If this is happening in the traditionally water rich South, what does fate hold for desert Utah?

The failure that Perlstein points us to is a failure to take the role of government seriously, to realize that the competing interests of local business, local government, regional government, state government, interstate businesses and citizens need someone to coordinate them, to help bring them to the table and plan. Hostility to government – part and parcel of the conservative ideology – creates its own problems. Throughout the US, thirty years of conservative anti-government, anti-tax madness has created its own legacy of rolling failures. Bridges collapsing in Minnesota, levees failing all along the Mississippi river, sinkholes swallowing streets. These are foreseeable events, but a government crippled by anti-tax, anti-government ideology can’t act. Forced forever into a defensive crouch, conservative governance has proven itself incapable of doing what must be done to maintain the basic needs of a modern, complex society.

Forty years of hostility to government action has led Atlanta into a box canyon – ever more development, ever less planning. Conservatism triumphant. Newt Gingrich’s district was in the suburban sprawl north of Atlanta (think Provo without the sense of style and a whole lot more money). The ideology got him elected for years. It sounds good. It makes good soundbites. It won elections. The bill always comes due.

I have a friend who loves to say when it hurts bad enough, you’ll change. I wonder: How much more pain Atlanta’s people are prepared to suffer before they change?

  1. #1 by Larry Bergan on June 30, 2008 - 7:29 pm

    I like the sound of “Newt Gingrich’s bill coming due.”

    Another example of right wing ideology gone mad is covered in this report from today on “Democracy Now”

    Moratorium Placed On New Solar Energy Projects on Fed Land

    Solar energy companies have been dealt a major setback. The New York Times reports the Bush administration has placed a nearly two-year moratorium on the construction of new solar energy projects on public land. The Bureau of Land Management says it needs until the spring of 2010 to study the environmental impact the solar projects will have on land in Arizona, Nevada, California and other western states. Critics of the moratorium say it could paralyze the solar energy industry. Senate Majority Leader Harry Reid of Nevada said: “This] is the wrong signal to send to solar power developers, and to Nevadans and Westerners who need and want clean, affordable sun-powered electricity soon.” Some environmental groups have praised the government for assessing the implications of large-scale solar development. Meanwhile the amount of oil drilling and gas drilling on public land has reached a new high. The Wilderness Society recently reported that more than 44 million acres of public lands are leased for oil and gas development. Last year the Bush administration approved over 7100 drilling permits, a new record.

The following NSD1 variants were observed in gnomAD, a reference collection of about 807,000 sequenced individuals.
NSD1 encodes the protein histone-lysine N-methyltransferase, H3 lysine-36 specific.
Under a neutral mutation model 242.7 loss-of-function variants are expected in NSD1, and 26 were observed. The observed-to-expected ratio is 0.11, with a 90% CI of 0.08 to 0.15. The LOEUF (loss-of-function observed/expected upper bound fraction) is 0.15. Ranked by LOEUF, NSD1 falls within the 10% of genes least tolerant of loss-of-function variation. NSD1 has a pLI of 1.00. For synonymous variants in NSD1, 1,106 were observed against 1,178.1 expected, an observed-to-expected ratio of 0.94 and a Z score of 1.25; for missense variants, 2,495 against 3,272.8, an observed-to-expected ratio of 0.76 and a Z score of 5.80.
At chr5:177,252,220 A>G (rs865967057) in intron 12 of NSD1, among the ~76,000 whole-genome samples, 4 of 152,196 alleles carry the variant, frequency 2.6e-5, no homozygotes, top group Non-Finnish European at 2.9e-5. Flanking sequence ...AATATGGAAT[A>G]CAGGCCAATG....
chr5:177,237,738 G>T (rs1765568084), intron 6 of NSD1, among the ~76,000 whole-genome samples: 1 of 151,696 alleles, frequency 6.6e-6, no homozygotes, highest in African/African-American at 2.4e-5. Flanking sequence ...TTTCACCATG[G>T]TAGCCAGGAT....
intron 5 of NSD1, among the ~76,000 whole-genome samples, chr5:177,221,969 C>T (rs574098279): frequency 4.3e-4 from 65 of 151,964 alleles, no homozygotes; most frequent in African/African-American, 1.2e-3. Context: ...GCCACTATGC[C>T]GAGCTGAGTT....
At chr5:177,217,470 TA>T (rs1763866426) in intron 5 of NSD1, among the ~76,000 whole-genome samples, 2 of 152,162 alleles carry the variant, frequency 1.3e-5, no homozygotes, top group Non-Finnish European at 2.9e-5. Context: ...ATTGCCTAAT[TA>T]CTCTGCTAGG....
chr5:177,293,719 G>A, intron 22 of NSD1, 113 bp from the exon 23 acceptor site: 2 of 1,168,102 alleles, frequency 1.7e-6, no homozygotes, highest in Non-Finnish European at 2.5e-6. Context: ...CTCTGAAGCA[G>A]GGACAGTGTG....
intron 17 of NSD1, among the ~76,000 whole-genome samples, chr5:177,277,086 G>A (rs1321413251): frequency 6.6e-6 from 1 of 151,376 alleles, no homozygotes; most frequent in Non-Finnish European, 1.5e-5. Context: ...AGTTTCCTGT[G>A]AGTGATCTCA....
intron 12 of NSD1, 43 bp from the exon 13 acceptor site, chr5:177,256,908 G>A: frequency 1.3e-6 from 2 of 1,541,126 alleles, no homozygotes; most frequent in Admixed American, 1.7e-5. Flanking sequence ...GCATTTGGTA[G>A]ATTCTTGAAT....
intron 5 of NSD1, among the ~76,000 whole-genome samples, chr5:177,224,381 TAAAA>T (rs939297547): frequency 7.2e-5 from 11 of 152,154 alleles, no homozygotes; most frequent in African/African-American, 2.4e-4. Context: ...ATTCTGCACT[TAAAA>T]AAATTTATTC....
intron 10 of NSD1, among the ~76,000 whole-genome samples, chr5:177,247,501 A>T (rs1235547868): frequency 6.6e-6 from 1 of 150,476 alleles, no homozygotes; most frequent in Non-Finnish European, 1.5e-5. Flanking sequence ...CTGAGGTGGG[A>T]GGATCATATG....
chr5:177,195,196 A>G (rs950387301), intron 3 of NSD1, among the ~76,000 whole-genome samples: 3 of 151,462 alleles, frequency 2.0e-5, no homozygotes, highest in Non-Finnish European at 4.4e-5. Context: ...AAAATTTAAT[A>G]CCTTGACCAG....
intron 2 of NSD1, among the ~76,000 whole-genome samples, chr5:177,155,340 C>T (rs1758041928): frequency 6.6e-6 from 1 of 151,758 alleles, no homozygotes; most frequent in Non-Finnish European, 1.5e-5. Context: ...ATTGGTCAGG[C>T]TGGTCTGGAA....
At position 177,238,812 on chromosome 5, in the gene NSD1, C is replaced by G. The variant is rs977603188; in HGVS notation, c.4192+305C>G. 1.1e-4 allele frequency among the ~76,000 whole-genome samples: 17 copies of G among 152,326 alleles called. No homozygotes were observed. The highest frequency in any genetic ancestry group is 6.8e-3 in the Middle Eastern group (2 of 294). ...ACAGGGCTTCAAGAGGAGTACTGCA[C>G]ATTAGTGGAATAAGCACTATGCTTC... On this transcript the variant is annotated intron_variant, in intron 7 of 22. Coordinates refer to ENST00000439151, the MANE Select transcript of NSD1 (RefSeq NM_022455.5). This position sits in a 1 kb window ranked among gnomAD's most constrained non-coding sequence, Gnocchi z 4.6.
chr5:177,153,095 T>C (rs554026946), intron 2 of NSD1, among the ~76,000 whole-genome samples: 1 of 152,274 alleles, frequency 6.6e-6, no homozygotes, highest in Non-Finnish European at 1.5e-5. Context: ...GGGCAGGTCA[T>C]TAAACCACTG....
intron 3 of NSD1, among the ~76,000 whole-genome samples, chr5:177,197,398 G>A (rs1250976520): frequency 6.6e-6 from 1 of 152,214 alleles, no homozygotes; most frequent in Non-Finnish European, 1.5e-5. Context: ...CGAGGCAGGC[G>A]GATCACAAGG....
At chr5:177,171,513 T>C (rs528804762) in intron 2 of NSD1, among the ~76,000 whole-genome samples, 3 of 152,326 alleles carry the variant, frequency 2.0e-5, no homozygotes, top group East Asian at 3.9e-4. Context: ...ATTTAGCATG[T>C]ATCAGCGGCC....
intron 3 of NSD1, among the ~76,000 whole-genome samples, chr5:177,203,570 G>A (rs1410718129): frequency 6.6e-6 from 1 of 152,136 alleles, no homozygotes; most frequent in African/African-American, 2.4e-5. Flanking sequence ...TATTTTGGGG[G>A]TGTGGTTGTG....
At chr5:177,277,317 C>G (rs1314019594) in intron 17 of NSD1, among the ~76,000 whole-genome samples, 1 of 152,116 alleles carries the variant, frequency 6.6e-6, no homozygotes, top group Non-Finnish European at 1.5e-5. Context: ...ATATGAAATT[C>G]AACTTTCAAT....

NOW the administration is worried about environment impacts, huh? I hate these people!

  2. #2 by jdberger on June 30, 2008 - 11:53 pm

    Of course, you could compare Atlanta to two bastions of “progressive” politics.

    Oakland and San Francisco

    Mismanagement is mismanagement – simple.

  3. #3 by Bob S. on July 1, 2008 - 6:12 am

    Glenden,

    You over look some key points and clearly mis-state conservative points on others.

    First when you mention :

    In Utah we have generally failed to plan for transportation needs and have responded to growth by adding more highways (which feeds the cycle of sprawl rather than managing it).

    Sounds like you are a little perturbed that the government responded to people’s choices about where to live instead of telling them where to live, eh?

    Managing sprawl is a nice euphemism for telling people where to live, what type of housing to live in, when to build. Is that the proper role of our government?

    Second in regards to the reservoirs; what role did environmentalist play in blocking building and planning for reservoirs? I have no doubt there were failures on the part of the government to plan adequately but usually there are contributing factors.

    In regards to conservative views about government, I disagree that conservatives hate government but more accurately hate government over reach. The government has and should have a limited role in life. Planning is definitely one of those areas, the failures should be investigated and lessons learned / applied. But governmental planning is not something conservatives hate, it is the proper job of the government. Telling people they can or can’t smoke in bars, whether or not to wear seat belts; those are the governmental over-reach and intrusions that conservatives dislike.